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Thread: Public parking garage with residential above?

  1. #1
    Cyburbian hilldweller's avatar
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    Public parking garage with residential above?

    I'm wondering if anyone has encountered this type of mixed-use arrangement where you'd have residential units/condos, etc. above a public parking garage with no other retail or commercial uses in the structure. There would be reserved spaces for the units but the bulk of the space would be used to support a nearby commercial district with a number of bars/restaurants, so there would be a lot of turnover, particularly in the evening.

  2. #2
    Cyburbian DetroitPlanner's avatar
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    This was going to be done on a project known as the Griswold in Downtown Detroit. With the opening of the Book Cadillac Hotel next door the decision was made to build a parking structure that would be partly public and partly private. This was to be constructed by a quasi public company known as the Detroit Economic Growth Corporation (DEGC). The DEGC announced that condos would be built on top of this structure with the assistance of a developer. They actually sold several units prior to construction, then the housing market took a particularly nasty turn. The plan now is to build the condos in the future.

    http://forum.skyscraperpage.com/showthread.php?t=124181
    the link shows the Book to the left and the structure to the right.
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  3. #3
    Cyburbian mgk920's avatar
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    Might there be some buildings like this in and around downtown Chicago?

    Mike

  4. #4
    Cyburbian wahday's avatar
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    We have a development in the heart of downtown Albuquerque called the Gold Avenue Lofts. Its not living above a parking garage, but beside. The high end condos front Gold Avenue with a parking garage in the back (and you can access the living spaces directly from the garage). The parking space is also shared by area businesses. I believe this aspect of the development was done in partnership with the City. It did not think it as slated to have retail, but I notice the website presents that as a possibility. As far as I know, there is nothing in there now (including few residents).

    The project has been a bit of a bust. I don't think it is because of the design, though, but the market they were targeting. The spaces are very expensive and mostly raw with the intention of people finishing them out to their taste. I think much of it is still vacant at least 3 years after being completed. People with that kind of money are usually moving in from outside New Mexico and most don't come here to not have a yard. At least that's my opinion...

    Here is a link to their site: http://www.100goldabq.com/
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  5. #5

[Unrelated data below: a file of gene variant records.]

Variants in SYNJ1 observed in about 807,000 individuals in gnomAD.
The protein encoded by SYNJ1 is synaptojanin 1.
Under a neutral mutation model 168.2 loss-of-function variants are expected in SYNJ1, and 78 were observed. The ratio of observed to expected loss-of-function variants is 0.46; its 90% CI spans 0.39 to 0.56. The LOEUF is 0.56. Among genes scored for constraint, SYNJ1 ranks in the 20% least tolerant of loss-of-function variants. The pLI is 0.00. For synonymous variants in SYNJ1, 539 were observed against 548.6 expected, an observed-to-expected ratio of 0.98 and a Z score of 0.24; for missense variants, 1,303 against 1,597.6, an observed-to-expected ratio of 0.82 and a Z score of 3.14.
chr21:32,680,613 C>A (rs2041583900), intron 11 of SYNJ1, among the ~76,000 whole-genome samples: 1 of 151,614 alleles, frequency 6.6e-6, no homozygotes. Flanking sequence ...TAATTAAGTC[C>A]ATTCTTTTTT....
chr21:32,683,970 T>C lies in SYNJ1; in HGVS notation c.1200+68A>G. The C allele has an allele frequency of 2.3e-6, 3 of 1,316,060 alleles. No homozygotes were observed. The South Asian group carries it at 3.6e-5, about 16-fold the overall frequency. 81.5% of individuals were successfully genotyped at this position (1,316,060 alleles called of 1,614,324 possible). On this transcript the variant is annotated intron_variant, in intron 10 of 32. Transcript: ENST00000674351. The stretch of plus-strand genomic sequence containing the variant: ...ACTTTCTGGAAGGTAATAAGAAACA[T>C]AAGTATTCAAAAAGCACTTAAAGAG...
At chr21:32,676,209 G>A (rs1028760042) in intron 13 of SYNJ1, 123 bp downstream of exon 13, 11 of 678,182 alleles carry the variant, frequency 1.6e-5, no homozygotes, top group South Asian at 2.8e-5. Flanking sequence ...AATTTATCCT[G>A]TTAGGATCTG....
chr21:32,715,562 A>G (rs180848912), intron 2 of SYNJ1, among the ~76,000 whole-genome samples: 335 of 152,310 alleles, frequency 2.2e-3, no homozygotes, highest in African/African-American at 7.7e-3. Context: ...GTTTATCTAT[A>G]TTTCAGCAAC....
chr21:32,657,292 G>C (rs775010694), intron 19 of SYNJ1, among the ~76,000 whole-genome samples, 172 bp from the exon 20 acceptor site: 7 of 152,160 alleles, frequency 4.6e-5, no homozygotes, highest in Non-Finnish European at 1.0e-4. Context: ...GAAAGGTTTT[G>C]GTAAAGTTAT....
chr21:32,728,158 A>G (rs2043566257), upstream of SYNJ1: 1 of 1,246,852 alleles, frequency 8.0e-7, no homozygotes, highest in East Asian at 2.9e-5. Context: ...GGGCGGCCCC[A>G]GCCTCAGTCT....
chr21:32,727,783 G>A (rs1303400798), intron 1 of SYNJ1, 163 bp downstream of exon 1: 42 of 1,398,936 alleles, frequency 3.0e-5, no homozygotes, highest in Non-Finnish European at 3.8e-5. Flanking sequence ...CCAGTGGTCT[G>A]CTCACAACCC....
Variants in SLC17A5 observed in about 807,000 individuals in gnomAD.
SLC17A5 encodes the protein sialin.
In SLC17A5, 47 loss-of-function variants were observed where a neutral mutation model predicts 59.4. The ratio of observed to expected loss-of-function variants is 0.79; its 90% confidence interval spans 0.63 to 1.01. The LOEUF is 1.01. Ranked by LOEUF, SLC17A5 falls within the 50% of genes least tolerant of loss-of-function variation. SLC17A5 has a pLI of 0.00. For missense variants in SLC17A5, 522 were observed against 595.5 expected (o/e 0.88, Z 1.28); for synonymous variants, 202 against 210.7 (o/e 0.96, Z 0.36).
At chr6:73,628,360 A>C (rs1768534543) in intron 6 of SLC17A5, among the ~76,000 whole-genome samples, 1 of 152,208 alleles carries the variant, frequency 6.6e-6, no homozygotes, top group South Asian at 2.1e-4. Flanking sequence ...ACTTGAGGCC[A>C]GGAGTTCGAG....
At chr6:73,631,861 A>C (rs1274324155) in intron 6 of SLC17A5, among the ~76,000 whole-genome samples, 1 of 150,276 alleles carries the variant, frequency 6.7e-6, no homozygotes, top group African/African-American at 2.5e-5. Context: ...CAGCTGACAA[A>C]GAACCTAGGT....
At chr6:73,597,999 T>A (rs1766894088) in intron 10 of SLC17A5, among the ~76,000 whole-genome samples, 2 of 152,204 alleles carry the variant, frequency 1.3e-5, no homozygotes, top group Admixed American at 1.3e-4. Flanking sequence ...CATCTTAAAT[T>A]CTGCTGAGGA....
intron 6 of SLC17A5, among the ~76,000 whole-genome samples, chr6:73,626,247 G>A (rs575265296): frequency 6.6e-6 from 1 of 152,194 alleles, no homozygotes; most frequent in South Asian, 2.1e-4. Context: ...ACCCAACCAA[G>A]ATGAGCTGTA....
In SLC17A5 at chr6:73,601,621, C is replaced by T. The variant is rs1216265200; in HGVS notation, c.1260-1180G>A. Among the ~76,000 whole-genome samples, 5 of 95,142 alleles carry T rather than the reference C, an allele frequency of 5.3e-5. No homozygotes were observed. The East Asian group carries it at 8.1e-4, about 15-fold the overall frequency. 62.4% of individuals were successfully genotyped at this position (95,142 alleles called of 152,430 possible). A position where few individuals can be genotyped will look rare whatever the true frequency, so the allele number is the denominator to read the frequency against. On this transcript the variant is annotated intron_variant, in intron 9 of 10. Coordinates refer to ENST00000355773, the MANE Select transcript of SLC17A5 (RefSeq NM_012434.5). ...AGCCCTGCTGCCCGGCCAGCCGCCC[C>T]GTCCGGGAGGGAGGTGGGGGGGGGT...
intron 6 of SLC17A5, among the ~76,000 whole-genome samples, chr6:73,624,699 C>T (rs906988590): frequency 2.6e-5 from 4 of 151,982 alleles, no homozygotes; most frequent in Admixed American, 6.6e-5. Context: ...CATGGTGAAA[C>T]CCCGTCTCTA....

Cyburbian dogandpony's avatar
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    From a private sector standpoint I think you might not find too many examples of this happening, with most residential developments having the parking below grade, versus at grade. I do think I read about units above a garage in Seattle at one point, but couldn't find information.

    I've seen a small development occur here with parking on a portion of the the first floor, but it had retail frontage and was done largely becuase the site was too tight (10,000 square feet) to provide the required parking below grade (not enough room for the parking spaces and circulation space)

    I believe the model of "residential above first floor parking" is not typcial, for at least the following reasons:

    1. potential purchasers of such units, whether urban funky lofts appealing to Gen Xers, or empty nesters/retirees, are looking for their homes to have a bit more panache than the "I live above the parking garage" that such a design would read as from the street. Below grade parking is more expensive, but I think the tradeoff is that you have much more saleable units.

    2. Retail/office space on the first floor are usually provided because the municipality requires it under zoning as a commercial development strategy, because the payoff is greater (commercial revilization for the municipality and active street fronts for the community, rents for the developer).

    It seems possible that a progressive community might try to leverage it's parking structure investment into housing, but even a municipality needs to concern itself with the saleability of residential units.

    As a potential purchaser, I'd much rather live above even the most marginal of retailers or office space versus parking.

  6. #6
    It's not exactly public parking but I live in a development that covers an entire block here in Boston. one side of the development has retail,the rest is all residential. The entire project sits on a two level underground parking garage. For the most part, the garage is private, though a lot of the spaces are rented out. The entrance is on a side street. If the parking had been totally open to the public, it would not make much difference to anyone living there. You really don't notice the garage from any of the units.

  7. #7
    Cyburbian hilldweller's avatar
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    I don't see the big deal in living above a garage, as long as the area in question had a little activity and it wasn't just some urban dead-zone.

  8. #8
    moderator in moderation Suburb Repairman's avatar